I’m here today to urge you, as a mother, former member of the US Attorney’s office, and a Member of Congress who voted to lift the ban to act swiftly and deliberately to implement Pell Grants for students who are incarcerated this year. I further urge you to ensure that as you work to implement this policy you establish safeguards to protect the quality and integrity of these programs.
Currently, a vast majority of incarcerated adults don’t have access to post secondary opportunities. The majority of people who are incarcerated don’t complete an education program while in prison. But low rates of participation do not reflect low demand for higher education. A 2014 survey found that 70 percent of incarcerated adults wanted to enroll in an educational program. Among those who wanted to pursue further education, 69 percent expressed a desire to earn a postsecondary certificate or degree.
We must do better to ensure these individuals have access to the educational opportunities they seek.
Further, restoring Pell eligibility for incarcerated students can improve reentry and post-release outcomes, resulting in significant return-on-investment and contributing to safer communities. Higher education is proven to reduce recidivism and improve the employment of justice-involved individuals.
Researchers estimate that employment rates among all formerly-incarcerated individuals would rise by 2.1 percent if just half of the eligible prison population participated in a prison education program. Incarcerated students who participate in correctional education programs were found to be 28% less likely to recidivate than non-participants. Repealing the Pell ban would save states an estimated total of $365.8 million per year as a result of reduced recidivism rates and lowered reincarceration spending.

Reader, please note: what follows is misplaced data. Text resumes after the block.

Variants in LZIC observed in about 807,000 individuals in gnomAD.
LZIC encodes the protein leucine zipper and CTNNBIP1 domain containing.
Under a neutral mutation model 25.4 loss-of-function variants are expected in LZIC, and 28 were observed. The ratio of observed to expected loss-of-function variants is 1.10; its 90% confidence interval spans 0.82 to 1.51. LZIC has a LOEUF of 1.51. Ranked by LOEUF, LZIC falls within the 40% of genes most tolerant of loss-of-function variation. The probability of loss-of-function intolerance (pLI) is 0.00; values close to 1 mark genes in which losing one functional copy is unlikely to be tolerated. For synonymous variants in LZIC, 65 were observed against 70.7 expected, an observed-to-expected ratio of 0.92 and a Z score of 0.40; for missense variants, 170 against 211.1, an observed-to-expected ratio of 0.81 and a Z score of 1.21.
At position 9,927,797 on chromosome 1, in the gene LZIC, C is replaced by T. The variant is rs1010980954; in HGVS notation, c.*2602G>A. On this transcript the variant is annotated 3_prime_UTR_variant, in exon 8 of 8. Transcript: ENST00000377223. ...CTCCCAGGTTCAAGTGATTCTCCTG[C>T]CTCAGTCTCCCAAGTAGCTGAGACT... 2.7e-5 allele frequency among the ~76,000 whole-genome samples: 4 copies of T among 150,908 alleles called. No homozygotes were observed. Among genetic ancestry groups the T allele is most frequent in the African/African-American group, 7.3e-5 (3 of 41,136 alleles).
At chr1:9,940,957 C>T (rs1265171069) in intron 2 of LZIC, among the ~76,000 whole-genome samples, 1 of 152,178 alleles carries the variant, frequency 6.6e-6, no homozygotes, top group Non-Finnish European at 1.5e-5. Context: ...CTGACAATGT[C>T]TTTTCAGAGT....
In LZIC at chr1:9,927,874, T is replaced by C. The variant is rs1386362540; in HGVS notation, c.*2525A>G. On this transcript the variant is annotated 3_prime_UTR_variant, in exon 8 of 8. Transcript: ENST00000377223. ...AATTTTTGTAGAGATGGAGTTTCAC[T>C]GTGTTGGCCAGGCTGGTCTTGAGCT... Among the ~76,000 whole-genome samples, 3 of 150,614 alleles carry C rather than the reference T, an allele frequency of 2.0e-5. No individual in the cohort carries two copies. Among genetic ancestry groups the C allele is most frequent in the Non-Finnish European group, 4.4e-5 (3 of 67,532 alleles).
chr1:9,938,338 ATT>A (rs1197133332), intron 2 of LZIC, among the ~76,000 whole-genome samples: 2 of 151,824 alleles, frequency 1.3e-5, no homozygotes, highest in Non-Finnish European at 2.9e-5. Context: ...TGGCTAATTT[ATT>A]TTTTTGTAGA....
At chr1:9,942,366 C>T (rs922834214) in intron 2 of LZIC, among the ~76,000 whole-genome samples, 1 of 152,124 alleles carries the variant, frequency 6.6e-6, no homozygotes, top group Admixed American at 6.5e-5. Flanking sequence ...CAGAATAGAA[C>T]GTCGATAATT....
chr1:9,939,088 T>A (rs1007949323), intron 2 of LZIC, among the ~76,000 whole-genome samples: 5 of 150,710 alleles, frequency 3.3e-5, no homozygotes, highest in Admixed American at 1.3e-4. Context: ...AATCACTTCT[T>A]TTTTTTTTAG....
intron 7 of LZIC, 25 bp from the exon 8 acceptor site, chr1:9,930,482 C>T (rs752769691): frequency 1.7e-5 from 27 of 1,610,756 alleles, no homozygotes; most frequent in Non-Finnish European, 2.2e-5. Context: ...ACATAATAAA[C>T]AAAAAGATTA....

Finally, I’d like to talk about safeguards. Thoughtful policy approaches are needed to address the barriers and nuances inherent in the correctional environment.
First, incarcerated students are not able to choose from a range of postsecondary options in an open marketplace. If a subpar or predatory provider is the only option available, incarcerated students will be put at a significant risk of exploitation.
Further, incarcerated students should be given the same opportunities to pursue rigorous academic programs, learn from qualified faculty, and earn college credits and degrees as students who attend classes on the outside.
Lastly, completing the FAFSA can be particularly challenging for incarcerated students due to a range of factors including lack of access to tax records, inability to register for the Selective Service, and difficulty rehabilitating defaulted federal loans.
The Department must address these issues related to program integrity, quality, and access in order to ensure that both students and taxpayers are protected when Pell Grant eligibility for students who are incarcerated is fully restored and prison education programs are expanded.
I welcome the opportunity to continue this conversation with the Department to ensure the efficient and timely implementation of Pell Grant eligibility for students in prison education programs.
Thank you for having me today to provide this testimony.